The Royals and Hawks are two big-league teams that have cut the number of ticket brokers they do business with in order to get greater control over single-game ticket sales on the secondary market. During a discussion of yield management at the AXS Ticketing Symposium, Royals VP/Marketing & Business Development Mike Bucek said the team had consolidated its broker business over a three-year period, eliminating all but two of the 227 season ticket holder accounts that were essentially brokers. “We decided that (number) was just too much,” Bucek said. After the dust settled, DTI Management and Tickets for Less signed on as the official Royals’ ticket brokers. There is a partnership between the two firms as part of the consolidation. “It’s really helped us, giving us a lot of data and a lot more insight into an area that was behind the black curtain before,” Bucek said. “It made us smarter.” The Hawks, meanwhile, have a deal with Eventellect, a Houston-based inventory management firm. “We started (dropping) a (high) percentage of accounts that we suspected were re-sellers,” Hawks Senior VP/Ticket Sales & Service Kyle Brunson said. It was important to find one partner the Hawks could trust that would help them efficiently resolve the issue. “We lean on those guys on a game-by-game basis,” Brunson said. “It’s a real luxury having another set of eyes ... providing data to us.”

LOCAL FOCUS, NATIONAL KNOWLEDGE: In K.C., playing in MLB’s third-smallest market and one of its smallest venues, the Royals and their secondary partners have developed a profitable business with strong customer service and few complaints from fans buying from those two outlets. On its own, Tickets for Less, a local firm, understands the Royals are a regional draw. “It’s one entity that seems to take very good care of people,” Bucek said. DTI, by comparison, is a national company that gives the team a broader perspective on secondary ticket trends. The Hawks gained enough trust in Eventellect to share their plans for the team’s $200M renovation of Philips Arena, a rebuild that expands the traditional club seat and suite model to a mix of seven new premium seat products. “We have a real opportunity to bring them in early in the process,” Brunson said.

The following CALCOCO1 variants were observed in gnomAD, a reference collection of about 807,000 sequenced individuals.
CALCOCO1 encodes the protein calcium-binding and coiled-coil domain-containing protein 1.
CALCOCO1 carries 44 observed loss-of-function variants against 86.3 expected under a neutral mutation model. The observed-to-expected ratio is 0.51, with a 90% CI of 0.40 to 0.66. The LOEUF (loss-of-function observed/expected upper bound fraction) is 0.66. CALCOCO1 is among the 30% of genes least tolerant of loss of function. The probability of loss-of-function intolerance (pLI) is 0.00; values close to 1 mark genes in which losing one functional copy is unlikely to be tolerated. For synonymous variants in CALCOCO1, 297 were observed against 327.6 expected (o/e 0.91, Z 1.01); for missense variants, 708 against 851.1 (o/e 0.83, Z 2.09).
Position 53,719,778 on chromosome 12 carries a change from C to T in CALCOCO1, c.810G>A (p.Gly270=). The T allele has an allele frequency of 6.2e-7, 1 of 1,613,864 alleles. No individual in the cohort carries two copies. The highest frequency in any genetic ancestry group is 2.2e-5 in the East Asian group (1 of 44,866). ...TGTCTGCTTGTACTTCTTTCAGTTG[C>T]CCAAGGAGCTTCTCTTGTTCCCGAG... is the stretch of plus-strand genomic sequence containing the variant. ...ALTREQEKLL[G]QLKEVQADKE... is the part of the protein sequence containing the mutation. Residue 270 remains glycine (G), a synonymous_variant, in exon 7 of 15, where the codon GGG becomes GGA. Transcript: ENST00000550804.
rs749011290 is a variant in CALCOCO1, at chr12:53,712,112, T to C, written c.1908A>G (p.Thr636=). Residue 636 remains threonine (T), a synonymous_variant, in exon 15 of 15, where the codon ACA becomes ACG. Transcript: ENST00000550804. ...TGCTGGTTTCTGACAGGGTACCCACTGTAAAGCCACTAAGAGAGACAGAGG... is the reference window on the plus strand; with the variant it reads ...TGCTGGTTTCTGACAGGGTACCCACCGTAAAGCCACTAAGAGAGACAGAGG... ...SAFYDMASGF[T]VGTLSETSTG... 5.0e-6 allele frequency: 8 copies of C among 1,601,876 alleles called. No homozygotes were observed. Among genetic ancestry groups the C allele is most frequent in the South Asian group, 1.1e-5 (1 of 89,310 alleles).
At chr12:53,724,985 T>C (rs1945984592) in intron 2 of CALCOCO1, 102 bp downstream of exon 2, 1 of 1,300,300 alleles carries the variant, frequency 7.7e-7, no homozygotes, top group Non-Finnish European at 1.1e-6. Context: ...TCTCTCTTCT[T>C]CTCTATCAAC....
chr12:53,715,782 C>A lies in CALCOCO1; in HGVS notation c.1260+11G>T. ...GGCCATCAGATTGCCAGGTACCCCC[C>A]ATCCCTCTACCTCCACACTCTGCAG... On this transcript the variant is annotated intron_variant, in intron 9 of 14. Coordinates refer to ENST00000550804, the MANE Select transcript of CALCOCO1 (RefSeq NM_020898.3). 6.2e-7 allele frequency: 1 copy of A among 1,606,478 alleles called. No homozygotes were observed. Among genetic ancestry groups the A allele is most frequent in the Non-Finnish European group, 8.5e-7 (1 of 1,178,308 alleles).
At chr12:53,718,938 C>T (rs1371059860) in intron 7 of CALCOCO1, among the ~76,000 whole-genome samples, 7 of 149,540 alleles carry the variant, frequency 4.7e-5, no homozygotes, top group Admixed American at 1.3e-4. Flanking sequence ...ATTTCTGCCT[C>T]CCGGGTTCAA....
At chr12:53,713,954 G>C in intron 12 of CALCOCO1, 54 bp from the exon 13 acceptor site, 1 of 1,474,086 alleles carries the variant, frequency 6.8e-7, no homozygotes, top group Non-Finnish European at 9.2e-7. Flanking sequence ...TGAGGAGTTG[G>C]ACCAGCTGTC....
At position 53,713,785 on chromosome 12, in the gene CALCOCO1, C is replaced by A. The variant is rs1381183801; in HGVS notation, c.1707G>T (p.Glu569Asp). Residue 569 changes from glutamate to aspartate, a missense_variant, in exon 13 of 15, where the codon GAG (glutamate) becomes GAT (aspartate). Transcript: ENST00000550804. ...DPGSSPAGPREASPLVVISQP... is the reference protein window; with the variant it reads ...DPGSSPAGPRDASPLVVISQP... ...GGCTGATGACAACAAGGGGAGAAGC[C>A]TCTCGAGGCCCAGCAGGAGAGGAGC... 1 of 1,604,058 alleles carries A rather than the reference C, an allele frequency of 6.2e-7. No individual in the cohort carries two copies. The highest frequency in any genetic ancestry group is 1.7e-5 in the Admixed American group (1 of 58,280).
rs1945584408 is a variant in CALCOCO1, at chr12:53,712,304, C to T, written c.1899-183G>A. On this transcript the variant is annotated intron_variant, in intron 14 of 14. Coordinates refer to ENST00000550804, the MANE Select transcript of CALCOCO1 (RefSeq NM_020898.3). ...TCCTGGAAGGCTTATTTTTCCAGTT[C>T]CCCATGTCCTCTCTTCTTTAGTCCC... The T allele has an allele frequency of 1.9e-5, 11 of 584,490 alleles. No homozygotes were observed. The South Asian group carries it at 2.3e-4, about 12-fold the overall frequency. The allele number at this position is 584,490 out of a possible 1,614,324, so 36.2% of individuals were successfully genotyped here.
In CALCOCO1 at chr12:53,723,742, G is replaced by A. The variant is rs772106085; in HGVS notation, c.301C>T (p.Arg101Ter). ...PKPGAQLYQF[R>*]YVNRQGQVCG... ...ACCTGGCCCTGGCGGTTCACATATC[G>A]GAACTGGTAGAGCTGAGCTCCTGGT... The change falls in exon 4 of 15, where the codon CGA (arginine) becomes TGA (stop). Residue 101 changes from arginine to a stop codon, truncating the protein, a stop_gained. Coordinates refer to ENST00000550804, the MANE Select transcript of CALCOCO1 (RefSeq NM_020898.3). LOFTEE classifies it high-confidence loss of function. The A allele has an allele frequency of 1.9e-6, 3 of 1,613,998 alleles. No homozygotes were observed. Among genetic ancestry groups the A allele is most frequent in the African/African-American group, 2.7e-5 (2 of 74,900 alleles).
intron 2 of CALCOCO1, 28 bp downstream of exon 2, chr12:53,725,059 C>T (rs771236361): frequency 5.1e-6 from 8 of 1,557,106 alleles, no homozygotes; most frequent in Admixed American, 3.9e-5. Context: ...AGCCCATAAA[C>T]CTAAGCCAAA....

HOW THINGS WORK: In general, teams want greater transparency from their brokers. They want to learn more about the secondary market and the value of their assets, said Greg Nortman, Chief Strategy Officer of Dynasty Sports & Entertainment, a big league ticket broker. “They’re looking for me to show them exactly how these things ‘age,’ when they sell, where they sell and educate them as it goes along,” Nortman said. “We know best how these markets are performing. They want to make sure they’re getting it right in the market.” Said Bucek: “To a certain degree, their level of distribution was more sophisticated than ours and we need to understand it a little better. They can point things out that make us look better.”

The NCAA runs 90 championships across 23 sports, with a variety of ticketing strategies for those events. In a morning Q&A at the ’17 AXS Ticketing Symposium, NCAA Dir of Championship Marketing & Ticketing Josh Logan talked about the organization’s ticketing approach, as well as marketing strategies to drive attendance and revenue. Logan was immediately asked about the NCAA’s premier event, the men’s basketball title game. Logan: “We’re out there planning a good 18 months ahead of time. We then come into the host city for monthly meetings around nine months out. ... And not only are we playing in a football stadium and putting a basketball court at the 50-yard line -- we’re bringing in a seating system of our own to put on the lower level. So we put in 20,000 of our own seats, and that’s more than many traditional arenas. And we’re selling the other 50,000 seats. A lot of pre-planning to put together something of that size.” While some have taken issue with holding an NCAA hoops title game in a football venue, Logan said there is always “more demand than tickets.”

BUDDY SYSTEM: Logan discussed the role of partnering up for ticketing for a big event like the Final Four, saying, “Relatively, we’re a small staff. Just doing the ticketing from a men’s Final Four perspective, it’s myself and one other staff member. ... PrimeSport sells and produces our ticketing and hospitality packages. AXS does our digital ticketing, so we use the Flash Seats technology. This may or may not be the biggest digital ticket event out there. Of the 70,000 or so tickets out there, half may be digital. ... AXS coming in and training our staff is incredibly valuable to us.”

NOT JUST HOOPS: Logan mentioned softball, wrestling and volleyball among other big events for the NCAA. He said, “We sort of look at our top revenue-producing championships and focus primarily on those. There are around 15 of those, all at the Division 1 level.”